Nonaccrual loans greater than $1.0 million were individually evaluated for impairment.  Impairment was measured based on the fair value of the collateral less estimated selling costs or the fair value of the loan (“collateral value method”).  All consumer-related renegotiated loans were evaluated for impairment based on the present value of the estimated cash flows discounted at the loan’s original effective interest rate (“discounted cash flow method”).  A valuation allowance was recorded for the excess of the loan’s recorded investment over the amount determined by either the collateral value method or the discounted cash flow method.  This valuation allowance is a component of the Allowance for loan and lease losses.  The discounted cash flow method is not a fair value measure.  For the collateral value method, the Corporation generally obtains appraisals to support the fair value of collateral underlying loans.  Appraisals incorporate measures such as recent sales prices for comparable properties and costs of construction.  The Corporation considers these fair values Level 3.  For those loans individually evaluated for impairment using the collateral value method, the Corporation required a valuation allowance of $156,562 and $163,976 for loans with a recorded investment of $649,365 and $1,220,396 at March 31, 2010 and March 31, 2009, respectively.  See Note 8 – Allowance for Loan and Lease Losses in Notes to Consolidated Financial Statements for more information.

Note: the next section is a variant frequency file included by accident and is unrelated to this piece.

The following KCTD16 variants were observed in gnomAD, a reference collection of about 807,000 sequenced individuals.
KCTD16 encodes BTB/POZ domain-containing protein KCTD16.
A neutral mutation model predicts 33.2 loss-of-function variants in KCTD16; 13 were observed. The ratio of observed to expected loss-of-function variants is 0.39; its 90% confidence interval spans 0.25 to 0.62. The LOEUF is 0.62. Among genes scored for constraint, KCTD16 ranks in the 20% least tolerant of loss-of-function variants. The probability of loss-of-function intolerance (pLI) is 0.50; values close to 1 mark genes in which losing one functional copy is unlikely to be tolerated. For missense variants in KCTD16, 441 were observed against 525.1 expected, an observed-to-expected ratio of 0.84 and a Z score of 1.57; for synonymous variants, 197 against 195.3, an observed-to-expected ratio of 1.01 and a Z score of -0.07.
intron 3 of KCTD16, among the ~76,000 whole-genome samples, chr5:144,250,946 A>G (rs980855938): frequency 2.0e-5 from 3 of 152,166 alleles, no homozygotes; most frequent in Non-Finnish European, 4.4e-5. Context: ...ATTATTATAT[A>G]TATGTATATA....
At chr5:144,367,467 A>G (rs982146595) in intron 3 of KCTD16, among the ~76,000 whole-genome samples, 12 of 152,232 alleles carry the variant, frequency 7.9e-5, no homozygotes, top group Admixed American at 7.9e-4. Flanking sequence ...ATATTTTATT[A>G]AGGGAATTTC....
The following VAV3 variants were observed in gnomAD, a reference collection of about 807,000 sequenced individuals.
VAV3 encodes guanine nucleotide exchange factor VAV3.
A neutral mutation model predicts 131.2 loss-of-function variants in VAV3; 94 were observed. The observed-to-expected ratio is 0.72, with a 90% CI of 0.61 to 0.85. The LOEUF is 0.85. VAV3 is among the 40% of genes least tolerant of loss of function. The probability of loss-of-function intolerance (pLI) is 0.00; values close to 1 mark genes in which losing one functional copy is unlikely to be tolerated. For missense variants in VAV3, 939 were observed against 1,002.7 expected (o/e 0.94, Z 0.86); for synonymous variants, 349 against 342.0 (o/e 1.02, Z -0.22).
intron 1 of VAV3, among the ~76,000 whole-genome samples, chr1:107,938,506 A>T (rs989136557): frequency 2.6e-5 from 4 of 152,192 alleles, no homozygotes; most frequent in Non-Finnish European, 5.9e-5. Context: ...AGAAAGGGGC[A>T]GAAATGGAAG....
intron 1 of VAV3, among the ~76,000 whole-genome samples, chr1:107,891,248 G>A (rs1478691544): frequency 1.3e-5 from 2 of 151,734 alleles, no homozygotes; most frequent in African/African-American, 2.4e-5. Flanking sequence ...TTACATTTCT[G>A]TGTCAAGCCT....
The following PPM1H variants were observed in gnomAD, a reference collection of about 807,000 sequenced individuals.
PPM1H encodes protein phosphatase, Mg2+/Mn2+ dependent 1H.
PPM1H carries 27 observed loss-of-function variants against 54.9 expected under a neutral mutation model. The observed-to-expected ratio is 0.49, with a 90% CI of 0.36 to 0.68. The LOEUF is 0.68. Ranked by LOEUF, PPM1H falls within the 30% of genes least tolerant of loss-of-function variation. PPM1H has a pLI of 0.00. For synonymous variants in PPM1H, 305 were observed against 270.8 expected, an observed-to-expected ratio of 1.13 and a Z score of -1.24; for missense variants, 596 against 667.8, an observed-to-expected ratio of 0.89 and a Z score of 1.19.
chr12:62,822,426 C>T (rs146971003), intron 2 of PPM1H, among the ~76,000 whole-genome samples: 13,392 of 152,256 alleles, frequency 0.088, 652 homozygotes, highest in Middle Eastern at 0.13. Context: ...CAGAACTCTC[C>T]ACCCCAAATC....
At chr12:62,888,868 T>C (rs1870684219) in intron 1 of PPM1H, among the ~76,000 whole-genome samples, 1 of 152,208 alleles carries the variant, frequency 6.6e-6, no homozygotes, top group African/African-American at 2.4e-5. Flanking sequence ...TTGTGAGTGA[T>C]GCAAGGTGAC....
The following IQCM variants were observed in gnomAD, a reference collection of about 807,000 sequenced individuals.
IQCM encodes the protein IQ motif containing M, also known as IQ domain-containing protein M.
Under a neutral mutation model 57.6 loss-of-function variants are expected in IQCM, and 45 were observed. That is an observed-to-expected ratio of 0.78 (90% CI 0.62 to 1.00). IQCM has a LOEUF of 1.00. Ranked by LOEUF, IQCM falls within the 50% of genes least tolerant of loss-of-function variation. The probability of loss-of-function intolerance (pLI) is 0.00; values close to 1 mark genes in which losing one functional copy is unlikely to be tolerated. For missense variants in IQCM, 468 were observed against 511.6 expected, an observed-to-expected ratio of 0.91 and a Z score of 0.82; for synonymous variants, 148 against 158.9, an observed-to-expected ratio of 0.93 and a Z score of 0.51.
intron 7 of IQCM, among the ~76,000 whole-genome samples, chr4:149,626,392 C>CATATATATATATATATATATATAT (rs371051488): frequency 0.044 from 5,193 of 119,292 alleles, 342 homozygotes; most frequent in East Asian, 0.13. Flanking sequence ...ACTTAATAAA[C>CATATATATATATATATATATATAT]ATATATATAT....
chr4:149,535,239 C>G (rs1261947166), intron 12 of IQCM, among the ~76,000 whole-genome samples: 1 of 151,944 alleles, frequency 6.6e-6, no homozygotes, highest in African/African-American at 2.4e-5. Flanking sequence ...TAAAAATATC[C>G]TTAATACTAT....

OREO is recorded at fair value based on property appraisals, less estimated selling costs, at the date of transfer. Subsequent to transfer, OREO is carried at the lower of cost or fair value, less estimated selling costs. The carrying value of OREO is not re-measured to fair value on a recurring basis but is subject to fair value adjustments when the carrying value exceeds the fair value, less estimated selling costs.  At March 31, 2010 and 2009, the estimated fair value of OREO, less estimated selling costs, amounted to $454,317 and $344,271, respectively.